Kielicious, and other materialists in the thread:

If you require scientific/empiric evidence of any claim made, it is impossible for anyone who does not share your materialist conception of consicousness to debate with you. To require that sort of evidence assumes already that consciousness is purely a biological problem. It's like asking someone to provide evidence that x does not equal 2 in 2x=4, only using the basic rules of algebra. The debate is about whether those rules are appropriate, i.e. about whether consciousness is in fact a biological problem, or some other sort of problem, and then of course what the solution is.


I didn't think my above comment would ignite so much controversy; let me explain exactly what I meant. First, I placed no restrictions on what topics could be discussed or what sorts of could be arguments presented in this thread, so long as they pertained to the 'problem of consciousness,' which is of course a vaguely defined and potentially enormous subject. My only request was that the term 'consciousness' itself be used and understood as defined in my first post. The above comment was directed at anyone who I felt was willing to accept and consider only empiric evidence, primarily from neuroscience, in the course of debating 'the problem of consciousness,' and who (most importantly) did not seem to be concerned with any sort of justification for preferring that sort of evidence. If only arguments based on empiric evidence are acceptable, and the question is more or less 'what sort of problem is consciousness,' then the question has already been answered. In other words, those who would consider only the empiric arguments, and who criticized all other sorts of arguments only because they lacked empiric evidence, had already decided that consciousness was a problem for science, to the exclusion of other perspectives.


paulhanke;89108 wrote:
... yes, but it still seems a bit odd to me to assume an external world where if both of us are structurally similar and equipped with similar "perspectives" yet the external world is pure chaos that if I hold up what I perceive to be an apple and ask you what it is that I am holding that you would respond by saying "an apple", as at that moment you could cutting up the chaos into a circus elephant


Some people might respond with 'a circus elephant.' That I would call what you're holding an apple proves only that you and I are more similar to one another structurally than either of us are to the weird fellow who calls it a circus elephant.

Quote:
(let alone could you respond at all, as whatever it is that we intersubjectively perceive as sound waves wouldn't be there for the intersubjective perceiving, either)


Remember, I'm not saying that 'what we intersubjectively perceive as sound waves' isn't there. I'm saying that that 'what' cannot be conceived or spoken of except in anthropogenic terms. When I speak the phrase 'sound waves' or think of the word and experience a mental image, I am not experiencing something which exists objectively, i.e. external to experience. If 'sound waves' existed in the external world, it wouldn't be the external world any longer; external means external to experience. So while there is presumably something 'between us' so to speak, something in the external world, which is allowing us ot communicate, it cannot by definition be 'sound waves,' as sound waves is a concept in the experienced world, yours and mine. And our concepts of them probably differ slightly. Just as our conceptions of apple differ slightly, because we are very similar, but slightly different things you and I.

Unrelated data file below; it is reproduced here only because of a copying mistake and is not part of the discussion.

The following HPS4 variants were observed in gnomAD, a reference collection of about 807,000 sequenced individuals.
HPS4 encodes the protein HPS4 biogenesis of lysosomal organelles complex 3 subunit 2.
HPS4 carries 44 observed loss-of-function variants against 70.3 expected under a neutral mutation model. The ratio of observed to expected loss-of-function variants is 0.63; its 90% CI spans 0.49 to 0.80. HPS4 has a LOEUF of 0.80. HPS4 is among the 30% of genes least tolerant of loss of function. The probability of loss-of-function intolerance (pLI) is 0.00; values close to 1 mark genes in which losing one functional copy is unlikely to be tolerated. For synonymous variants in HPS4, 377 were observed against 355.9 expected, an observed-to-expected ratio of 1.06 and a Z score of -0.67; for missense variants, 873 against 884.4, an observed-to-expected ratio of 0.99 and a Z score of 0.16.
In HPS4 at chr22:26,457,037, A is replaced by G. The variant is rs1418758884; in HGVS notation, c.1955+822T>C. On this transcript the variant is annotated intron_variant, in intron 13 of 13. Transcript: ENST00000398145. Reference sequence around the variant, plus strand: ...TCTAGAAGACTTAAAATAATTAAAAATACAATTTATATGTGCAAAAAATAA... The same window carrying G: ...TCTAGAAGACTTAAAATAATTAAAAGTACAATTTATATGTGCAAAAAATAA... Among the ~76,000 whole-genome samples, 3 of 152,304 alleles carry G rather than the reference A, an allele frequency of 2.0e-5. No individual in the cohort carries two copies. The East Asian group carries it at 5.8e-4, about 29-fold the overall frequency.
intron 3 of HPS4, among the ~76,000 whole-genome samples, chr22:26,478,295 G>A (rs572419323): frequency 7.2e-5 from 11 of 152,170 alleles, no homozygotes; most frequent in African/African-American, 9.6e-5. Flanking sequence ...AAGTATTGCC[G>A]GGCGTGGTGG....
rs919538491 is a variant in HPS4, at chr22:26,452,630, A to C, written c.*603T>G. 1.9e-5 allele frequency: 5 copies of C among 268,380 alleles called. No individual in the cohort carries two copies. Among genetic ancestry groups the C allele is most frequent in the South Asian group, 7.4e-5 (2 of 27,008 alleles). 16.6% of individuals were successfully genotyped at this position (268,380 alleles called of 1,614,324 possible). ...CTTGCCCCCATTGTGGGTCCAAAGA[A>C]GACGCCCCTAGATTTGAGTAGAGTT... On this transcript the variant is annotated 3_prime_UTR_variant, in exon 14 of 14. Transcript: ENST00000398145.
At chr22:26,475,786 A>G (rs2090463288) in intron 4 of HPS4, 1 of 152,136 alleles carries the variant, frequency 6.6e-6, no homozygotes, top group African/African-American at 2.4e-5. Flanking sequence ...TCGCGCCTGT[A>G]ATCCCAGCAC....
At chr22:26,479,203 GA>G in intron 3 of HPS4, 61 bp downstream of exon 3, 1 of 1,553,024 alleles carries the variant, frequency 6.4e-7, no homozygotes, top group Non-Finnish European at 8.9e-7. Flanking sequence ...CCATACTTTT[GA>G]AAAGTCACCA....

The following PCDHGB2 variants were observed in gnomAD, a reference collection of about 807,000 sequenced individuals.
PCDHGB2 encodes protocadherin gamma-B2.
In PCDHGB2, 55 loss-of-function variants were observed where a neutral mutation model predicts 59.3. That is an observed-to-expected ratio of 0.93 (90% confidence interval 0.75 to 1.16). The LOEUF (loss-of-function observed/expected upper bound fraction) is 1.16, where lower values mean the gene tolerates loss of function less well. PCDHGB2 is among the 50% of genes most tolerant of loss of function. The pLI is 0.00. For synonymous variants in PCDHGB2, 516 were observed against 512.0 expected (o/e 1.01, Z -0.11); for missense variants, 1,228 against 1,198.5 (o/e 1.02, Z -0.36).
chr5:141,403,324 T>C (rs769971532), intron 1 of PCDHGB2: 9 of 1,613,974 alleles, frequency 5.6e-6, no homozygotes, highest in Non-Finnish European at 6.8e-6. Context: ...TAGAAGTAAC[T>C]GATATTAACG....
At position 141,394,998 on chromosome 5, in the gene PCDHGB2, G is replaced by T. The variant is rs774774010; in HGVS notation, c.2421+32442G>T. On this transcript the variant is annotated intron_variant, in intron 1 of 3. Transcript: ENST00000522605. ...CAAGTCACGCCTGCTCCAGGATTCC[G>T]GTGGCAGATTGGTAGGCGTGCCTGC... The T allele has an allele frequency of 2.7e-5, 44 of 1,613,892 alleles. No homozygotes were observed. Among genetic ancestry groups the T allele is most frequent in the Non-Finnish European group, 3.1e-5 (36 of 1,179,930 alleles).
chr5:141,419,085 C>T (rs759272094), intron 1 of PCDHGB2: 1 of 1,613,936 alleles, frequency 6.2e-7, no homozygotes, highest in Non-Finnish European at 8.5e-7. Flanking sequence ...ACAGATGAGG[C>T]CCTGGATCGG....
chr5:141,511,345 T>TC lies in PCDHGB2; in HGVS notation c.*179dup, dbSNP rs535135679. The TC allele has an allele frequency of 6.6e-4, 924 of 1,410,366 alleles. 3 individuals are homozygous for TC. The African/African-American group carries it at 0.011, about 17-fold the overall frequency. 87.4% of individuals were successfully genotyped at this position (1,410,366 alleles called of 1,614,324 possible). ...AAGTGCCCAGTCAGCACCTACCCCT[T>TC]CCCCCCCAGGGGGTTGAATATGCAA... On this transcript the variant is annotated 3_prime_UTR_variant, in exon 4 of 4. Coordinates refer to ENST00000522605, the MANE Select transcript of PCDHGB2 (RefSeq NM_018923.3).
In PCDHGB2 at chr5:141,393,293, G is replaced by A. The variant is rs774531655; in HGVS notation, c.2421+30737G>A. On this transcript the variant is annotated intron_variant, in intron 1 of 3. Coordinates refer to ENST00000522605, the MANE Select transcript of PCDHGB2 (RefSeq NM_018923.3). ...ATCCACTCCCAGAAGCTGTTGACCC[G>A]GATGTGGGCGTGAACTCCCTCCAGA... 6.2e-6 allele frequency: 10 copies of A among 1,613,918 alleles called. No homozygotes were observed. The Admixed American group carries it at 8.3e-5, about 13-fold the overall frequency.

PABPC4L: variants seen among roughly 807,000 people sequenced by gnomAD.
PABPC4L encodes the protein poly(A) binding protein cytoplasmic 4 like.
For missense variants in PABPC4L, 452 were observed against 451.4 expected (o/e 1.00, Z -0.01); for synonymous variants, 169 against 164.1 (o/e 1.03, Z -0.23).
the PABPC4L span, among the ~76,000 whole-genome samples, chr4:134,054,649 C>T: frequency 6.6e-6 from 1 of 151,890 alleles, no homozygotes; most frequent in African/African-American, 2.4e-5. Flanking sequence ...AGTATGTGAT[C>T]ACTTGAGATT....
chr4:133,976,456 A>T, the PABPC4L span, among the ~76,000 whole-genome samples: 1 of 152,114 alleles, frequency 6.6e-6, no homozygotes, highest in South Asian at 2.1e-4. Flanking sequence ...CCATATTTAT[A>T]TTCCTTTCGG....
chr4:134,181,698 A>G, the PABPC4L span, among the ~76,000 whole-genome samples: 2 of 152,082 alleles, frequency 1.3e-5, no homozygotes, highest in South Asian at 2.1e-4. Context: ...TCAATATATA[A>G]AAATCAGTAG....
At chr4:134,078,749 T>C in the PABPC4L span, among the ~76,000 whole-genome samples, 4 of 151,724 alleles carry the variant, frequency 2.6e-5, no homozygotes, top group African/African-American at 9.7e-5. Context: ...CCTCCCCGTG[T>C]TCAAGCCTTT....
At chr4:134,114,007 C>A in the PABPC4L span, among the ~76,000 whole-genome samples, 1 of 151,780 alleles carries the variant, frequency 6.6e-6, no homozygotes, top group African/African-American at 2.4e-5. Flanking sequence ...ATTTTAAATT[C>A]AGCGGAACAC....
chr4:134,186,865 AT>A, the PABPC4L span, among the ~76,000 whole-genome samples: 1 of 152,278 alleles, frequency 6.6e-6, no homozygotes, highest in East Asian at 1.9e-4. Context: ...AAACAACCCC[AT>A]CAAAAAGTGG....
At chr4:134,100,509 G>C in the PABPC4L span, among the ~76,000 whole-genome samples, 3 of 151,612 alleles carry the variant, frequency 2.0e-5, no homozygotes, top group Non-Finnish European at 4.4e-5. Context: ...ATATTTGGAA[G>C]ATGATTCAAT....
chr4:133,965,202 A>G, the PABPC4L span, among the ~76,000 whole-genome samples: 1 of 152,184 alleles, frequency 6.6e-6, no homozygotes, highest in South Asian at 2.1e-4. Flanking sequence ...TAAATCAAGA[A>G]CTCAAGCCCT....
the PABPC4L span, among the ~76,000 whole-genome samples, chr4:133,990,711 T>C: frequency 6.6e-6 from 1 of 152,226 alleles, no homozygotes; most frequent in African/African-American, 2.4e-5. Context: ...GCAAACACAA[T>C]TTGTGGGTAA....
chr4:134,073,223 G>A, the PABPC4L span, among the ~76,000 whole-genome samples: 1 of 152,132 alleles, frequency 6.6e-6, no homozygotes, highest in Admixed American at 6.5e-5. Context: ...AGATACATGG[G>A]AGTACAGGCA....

Quote:
... it also seems a bit odd to me to assume an external world where "structural similarity" can be coherent with "a lack of order entirely" - that is, how can you, as part of my external world and thus being nothing but chaos, bear any structural similarity to me? ... it seems much more coherent to me that if one is going to bother assuming an external world at all that one would assume an external world in which objective order allows for structural similarity, intersubjectivity, and communication, than to assume an external world in which a lack of order entirely leads one to right back to solipsism ...


We have agreed to accept the assumption that there exists an external world. The problem is that it is impossible for us to conceive of something which does not have properties derived from experience (shape e.g.). So we have no answer to the question, 'what is the nature of a thing in the external world, such as you or I? I assert that you and I (as things in the external world) are more similar to each other than to other things, and thus we live in similar phenomenological worlds. But by what criteria can I say that we are similar? We can only compare things in terms of their phenomenological properties (e.g, shape), and things in the external world have no such properties. Therefore, when I say that you and I are similar, relative other things, I am making an assumption: like we did in saying that an external world exists in the first place. That's unsatisfying, but anything else wouldn't be true. It's nothing more than an assumption based on what we might call 'common sense': like that which compels us to believe (in absence of proof) in the external world.

So again, to reiterate, it's not that you and I don't have structures, aren't existent things in the external world. We assume we do and are. We simply cannot conceive of the nature of these things, just as we cannot conceive of the nature of the thing in the external world to which we attach the concept 'sound wave.' And furthermore, it isn't an absence of knowledge or technology which prevents us from understanding the nature of things in the external world. If by 'nature' we mean properties like a chair or tree has, then indeed these things have no nature; they are by definition not defined by experience-derived concepts and terms. So we can't speak of a specific structure that is common to you or I, with reference to any properties derived from experience, but we can still assume that we have the same nature, or structure, or whatever other general term you want to use.